In 2016 and 2017, there were lower than expected registration counts for New South Wales. The ABS worked with the NSW Registry of Births, Deaths and Marriages (NSW RBDM) to investigate these counts, noting that changes to identity requirements in 2016 had prevented some registrations from being finalised. The NSW RBDM worked with parents to finalise these registrations, enabling many to be included in 2018 counts. Other initiatives also contributed to the higher count of births in NSW in 2018, including the implementation of an online birth registration system and a campaign aimed at increasing registrations among Aboriginal and Torres Strait Islander parents.
Tasmanian births registrations
22 The Tasmanian Births, Deaths and Marriages Registration Act 1999 requires hospitals, doctors, midwives or other responsible persons to provide the Tasmanian Registry with a list of babies born containing basic information such as date of birth and sex of the baby. In the case of a live birth, the birth notification must be provided within 21 days of the birth. These notifications have been provided to the ABS since 2002 and are also used in producing quarterly population estimates.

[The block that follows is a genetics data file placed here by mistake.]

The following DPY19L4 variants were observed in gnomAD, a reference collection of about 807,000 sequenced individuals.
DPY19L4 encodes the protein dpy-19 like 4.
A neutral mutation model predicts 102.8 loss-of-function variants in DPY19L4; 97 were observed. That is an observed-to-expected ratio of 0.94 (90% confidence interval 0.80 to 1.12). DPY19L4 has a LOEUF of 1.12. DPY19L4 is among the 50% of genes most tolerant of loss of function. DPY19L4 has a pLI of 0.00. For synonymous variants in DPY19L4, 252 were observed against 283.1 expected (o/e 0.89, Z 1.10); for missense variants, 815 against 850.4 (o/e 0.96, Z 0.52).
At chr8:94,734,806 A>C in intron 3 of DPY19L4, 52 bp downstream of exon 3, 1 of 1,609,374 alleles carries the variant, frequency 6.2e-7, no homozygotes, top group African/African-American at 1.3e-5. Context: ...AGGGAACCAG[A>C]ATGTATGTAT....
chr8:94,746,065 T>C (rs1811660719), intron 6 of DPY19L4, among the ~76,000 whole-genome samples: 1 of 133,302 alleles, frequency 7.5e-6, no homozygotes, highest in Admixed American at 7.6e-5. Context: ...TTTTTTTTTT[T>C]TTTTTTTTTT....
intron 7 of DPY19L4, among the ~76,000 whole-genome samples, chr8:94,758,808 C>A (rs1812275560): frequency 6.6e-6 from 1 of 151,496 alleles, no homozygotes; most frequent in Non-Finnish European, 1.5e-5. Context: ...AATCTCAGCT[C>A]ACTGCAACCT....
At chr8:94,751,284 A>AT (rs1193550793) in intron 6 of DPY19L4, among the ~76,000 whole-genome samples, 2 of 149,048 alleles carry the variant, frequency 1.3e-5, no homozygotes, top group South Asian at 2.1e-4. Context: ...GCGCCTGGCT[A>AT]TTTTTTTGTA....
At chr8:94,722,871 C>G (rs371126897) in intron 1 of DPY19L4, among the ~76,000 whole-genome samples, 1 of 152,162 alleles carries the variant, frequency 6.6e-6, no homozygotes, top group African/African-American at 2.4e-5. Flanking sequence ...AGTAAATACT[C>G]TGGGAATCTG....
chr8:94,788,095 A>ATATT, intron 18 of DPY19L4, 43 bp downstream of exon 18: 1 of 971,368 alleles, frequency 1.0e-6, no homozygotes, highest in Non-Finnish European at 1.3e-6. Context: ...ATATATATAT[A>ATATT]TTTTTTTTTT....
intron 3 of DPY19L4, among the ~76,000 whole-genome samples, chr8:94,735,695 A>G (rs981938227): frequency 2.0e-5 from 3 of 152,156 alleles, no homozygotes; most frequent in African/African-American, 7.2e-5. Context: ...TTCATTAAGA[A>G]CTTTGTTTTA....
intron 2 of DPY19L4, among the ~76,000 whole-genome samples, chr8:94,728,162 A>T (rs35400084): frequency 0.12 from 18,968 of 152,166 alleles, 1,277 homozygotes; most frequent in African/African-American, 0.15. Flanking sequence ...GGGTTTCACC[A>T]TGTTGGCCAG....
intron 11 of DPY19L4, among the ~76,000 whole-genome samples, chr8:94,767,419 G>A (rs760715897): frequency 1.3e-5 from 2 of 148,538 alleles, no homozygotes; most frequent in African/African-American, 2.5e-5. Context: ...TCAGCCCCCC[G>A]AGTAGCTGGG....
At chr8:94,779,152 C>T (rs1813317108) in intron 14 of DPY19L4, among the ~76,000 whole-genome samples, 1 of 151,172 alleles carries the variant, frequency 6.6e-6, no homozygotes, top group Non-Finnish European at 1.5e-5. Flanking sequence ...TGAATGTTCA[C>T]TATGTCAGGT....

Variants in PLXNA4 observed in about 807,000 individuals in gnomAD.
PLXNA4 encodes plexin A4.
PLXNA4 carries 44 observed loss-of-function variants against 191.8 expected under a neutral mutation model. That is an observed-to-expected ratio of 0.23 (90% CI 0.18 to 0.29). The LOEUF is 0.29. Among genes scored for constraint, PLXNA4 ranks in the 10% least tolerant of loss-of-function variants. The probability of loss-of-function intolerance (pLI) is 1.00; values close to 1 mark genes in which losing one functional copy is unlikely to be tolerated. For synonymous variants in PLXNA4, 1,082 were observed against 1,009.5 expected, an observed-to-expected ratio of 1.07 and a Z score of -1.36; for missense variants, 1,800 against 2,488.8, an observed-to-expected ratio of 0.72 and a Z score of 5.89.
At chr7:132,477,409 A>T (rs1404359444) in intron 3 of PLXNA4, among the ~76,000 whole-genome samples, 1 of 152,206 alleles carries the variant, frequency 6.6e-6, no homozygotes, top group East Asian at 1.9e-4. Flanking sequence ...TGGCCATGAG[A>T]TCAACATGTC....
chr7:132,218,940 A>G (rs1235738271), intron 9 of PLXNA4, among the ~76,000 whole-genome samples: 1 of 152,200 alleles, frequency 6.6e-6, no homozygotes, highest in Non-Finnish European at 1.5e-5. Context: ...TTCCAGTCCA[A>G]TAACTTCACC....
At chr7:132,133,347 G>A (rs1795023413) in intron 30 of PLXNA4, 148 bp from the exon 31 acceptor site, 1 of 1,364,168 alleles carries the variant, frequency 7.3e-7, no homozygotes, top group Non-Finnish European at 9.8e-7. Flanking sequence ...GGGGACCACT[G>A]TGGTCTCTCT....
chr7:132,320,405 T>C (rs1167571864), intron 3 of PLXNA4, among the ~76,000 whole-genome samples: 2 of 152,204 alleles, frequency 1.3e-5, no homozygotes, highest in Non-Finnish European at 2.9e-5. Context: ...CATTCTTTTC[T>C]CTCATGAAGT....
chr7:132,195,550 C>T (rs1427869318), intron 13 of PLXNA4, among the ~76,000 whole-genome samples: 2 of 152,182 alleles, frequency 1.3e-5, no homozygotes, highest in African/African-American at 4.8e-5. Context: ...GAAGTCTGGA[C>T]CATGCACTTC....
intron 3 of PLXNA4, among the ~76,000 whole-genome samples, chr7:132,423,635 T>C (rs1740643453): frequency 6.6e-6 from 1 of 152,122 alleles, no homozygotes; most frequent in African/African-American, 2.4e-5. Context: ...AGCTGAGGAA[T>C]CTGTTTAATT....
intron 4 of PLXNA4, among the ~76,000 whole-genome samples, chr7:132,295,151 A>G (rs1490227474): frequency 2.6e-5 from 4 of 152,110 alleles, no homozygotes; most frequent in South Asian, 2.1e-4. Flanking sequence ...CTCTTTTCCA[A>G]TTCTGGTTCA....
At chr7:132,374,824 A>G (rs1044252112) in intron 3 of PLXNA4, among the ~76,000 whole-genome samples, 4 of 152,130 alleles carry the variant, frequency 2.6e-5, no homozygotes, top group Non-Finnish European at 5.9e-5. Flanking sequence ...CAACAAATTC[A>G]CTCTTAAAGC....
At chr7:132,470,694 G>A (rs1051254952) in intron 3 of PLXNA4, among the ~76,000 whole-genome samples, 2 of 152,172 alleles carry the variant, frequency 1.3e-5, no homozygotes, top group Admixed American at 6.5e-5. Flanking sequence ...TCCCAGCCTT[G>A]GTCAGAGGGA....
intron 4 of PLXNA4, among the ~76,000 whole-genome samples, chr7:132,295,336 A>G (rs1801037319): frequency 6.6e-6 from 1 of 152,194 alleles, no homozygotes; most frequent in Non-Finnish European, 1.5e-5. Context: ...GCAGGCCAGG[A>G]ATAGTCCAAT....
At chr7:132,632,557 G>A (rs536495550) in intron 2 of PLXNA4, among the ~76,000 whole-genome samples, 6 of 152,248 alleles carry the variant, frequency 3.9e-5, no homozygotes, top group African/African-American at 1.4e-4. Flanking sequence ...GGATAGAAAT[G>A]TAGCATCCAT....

Under the Act, the birth of a child must also be registered by lodging a birth registration statement with the Registry within 60 days after the date of birth of the child. Once the parent(s) submits the birth registration statement, the record is updated and the Registry provides the ABS with a complete registration record. Where a match between a birth notification and birth registration statement is identified, the record is quality assured to ensure completeness of the record.